Daily Archives: February 17, 2019

February 17 The Precious Blood

Scripture Reading: 1 Peter 1:17–21

Key Verse: Romans 3:23

All have sinned and fall short of the glory of God.

In Genesis we read about God performing the first animal sacrifice: “The Lord God made garments of skin for Adam and his wife, and clothed them” (Gen. 3:21 nasb).

Adam Clarke writes it is not likely that “sacrifice could have ever occurred to the mind of man without an express revelation from God.” The slaying of the animals was His chosen way to atone for Adam and Eve’s transgression. A blood sacrifice was the only payment that would suffice.

Many years later, God gave the Israelites specific commands concerning sacrifice for sins, from how to prepare the animal to what the priests should wear to what to do with the leftover portions from the altar. But the bottom-line requirement was still the same—blood.

When Jesus died on the cross, He literally took our place by becoming the ultimate and final sacrifice for mankind’s sin. Once we accept Him as our Savior, our sins are covered by His precious, atoning blood.

Jesus submitted His life to the power of death for a time so that you can have life for all time. He satisfied once and for all God’s requirement for forgiveness: “For the wages of sin is death, but the free gift of God is eternal life in Christ Jesus our Lord” (Rom. 6:23 nasb). The precious blood of Jesus is the only cleansing agent that works.

Lord, let the precious, cleansing blood of Your Son, Jesus, flow over my life today. O cleansing stream, cover me![1]

[1] Stanley, C. F. (1999). On holy ground (p. 50). Nashville, TN: Thomas Nelson Publishers.

Meet Generation Z: The Newest Member Of The Workforce — ZeroHedge News

Every generation approaches the workplace differently.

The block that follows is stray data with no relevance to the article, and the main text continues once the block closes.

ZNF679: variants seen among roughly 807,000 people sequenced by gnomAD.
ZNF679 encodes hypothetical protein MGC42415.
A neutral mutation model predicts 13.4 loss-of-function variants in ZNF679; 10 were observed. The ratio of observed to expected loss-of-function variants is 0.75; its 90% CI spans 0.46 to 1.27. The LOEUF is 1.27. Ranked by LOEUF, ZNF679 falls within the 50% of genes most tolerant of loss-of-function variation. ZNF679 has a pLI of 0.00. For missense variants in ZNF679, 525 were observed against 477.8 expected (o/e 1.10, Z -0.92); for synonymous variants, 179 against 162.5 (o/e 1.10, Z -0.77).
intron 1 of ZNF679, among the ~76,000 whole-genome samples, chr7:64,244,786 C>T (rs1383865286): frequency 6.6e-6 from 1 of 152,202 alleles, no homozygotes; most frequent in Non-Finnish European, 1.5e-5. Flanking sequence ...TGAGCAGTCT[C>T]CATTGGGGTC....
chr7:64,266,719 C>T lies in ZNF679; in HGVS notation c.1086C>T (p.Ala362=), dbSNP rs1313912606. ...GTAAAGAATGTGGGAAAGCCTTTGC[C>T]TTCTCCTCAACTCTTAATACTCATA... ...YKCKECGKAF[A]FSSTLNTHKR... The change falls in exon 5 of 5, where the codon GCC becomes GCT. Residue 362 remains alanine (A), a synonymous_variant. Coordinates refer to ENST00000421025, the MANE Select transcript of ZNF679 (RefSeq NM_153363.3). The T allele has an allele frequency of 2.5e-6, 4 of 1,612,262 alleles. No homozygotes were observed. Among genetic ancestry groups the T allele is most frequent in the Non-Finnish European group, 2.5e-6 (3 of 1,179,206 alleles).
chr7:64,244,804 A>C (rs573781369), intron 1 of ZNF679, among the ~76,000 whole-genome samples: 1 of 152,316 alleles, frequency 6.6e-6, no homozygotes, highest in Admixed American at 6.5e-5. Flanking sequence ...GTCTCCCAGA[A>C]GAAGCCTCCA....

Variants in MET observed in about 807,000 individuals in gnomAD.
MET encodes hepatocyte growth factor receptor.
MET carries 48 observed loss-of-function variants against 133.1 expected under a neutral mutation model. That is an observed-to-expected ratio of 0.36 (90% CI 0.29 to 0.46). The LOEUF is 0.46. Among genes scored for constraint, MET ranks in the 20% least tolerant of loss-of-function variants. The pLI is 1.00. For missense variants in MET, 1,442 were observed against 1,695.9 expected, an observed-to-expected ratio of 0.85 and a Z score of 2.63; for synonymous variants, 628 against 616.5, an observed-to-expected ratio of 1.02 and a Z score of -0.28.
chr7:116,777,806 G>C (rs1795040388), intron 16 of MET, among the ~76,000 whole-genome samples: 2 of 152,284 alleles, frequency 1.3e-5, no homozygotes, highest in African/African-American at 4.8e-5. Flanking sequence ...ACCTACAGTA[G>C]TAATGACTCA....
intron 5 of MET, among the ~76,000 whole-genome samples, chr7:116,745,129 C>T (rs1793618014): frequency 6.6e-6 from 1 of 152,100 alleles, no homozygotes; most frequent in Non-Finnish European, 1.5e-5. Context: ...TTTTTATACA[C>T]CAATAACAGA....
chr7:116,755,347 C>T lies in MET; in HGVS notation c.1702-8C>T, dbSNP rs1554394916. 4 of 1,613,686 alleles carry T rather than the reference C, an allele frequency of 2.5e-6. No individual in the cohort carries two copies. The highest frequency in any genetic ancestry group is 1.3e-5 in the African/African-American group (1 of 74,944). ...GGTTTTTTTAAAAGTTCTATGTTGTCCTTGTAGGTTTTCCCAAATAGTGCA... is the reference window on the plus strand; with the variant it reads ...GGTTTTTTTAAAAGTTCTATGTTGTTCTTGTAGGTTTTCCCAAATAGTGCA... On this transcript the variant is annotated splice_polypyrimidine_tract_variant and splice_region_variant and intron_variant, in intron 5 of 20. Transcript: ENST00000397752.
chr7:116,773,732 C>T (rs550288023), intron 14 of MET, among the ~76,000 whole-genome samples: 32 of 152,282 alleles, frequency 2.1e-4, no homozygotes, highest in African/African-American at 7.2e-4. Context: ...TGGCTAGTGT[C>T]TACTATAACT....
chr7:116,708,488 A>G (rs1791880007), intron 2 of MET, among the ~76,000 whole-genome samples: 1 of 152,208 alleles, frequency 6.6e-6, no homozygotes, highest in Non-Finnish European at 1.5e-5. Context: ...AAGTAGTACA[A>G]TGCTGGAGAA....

While talk over the last decade has largely focused on understanding the work habits and attitudes of Millennials, Visual Capitalist’s Jeff Desjardins points out that it’s already time for a new generation to enter the fold.

Generation Z, the group born after the Millennials, is entering their early adult years and starting their young careers. What makes them different, and how will they approach things differently than past generations?


Today’s infographic comes to us from ZeroCater, and it will help introduce you to the newest entrant to the modern workforce: Generation Z.

Courtesy of: Visual Capitalist

There is no exact consensus on the definition of Generation Z, and demographers can differ on where it starts. Some have Gen Z beginning as early as the mid-1990s, while others see it starting in the mid-2000s.

Regardless, Generation Z is the group that follows the Millennials – and many Gen Zers are wrapping up high school, finishing up their university degrees, or looking to get their first real jobs.


While generational differences cast a wide net and don’t necessarily apply to every individual, here is what demographers say are some key similarities and differences between Gen Z and Millennials.

Generation Z tends to be more pragmatic, approaching both their education and career differently than Millennials. It appears that Gen Z is also approaching money in a unique way compared to past groups.


Generation Z does not remember a time when the internet did not exist – and as such, it’s not surprising to learn that 50% of Gen Z spends 10 hours a day connected online, and 70% watches YouTube for two hours a day or more.

But put aside this ultra-connectivity, and Gen Zers have some unique and possibly unexpected traits. Gen Z prefers face-to-face interactions in the workplace, and also expects to work harder than past groups. Gen Z is also the most diverse generation (49% non-white) and values racial equality as a top issue. Finally, Gen Z is possibly one of the most practical generations, valuing things like saving money and getting stable jobs.

You may already have Gen Zers in your workplace – but if you don’t, you will soon.

Source: Meet Generation Z: The Newest Member Of The Workforce

February 17 A Firm Foundation

Scripture reading: 1 Corinthians 2:1–5

Key verse: 1 Corinthians 2:7

We speak the wisdom of God in a mystery, the hidden wisdom which God ordained before the ages for our glory.

The people of Corinth were proud intellectuals. They loved to debate, philosophize, and speculate, depending on their human reasoning to work through problems and understand their world. It wasn’t long before this cultural emphasis carried over into the church.

Paul didn’t waste any time using the human arguments they were used to hearing. Instead, he said, “[I] did not come with excellence of speech or of wisdom … For I determined not to know anything among you except Jesus Christ and Him crucified” (1 Cor. 2:1–2).

Jesus is the foundation of our faith. He is the one foundation. Through Jesus alone, we are cleansed from sin, reconciled to and adopted by God. The Word of God is the foundation of our beliefs.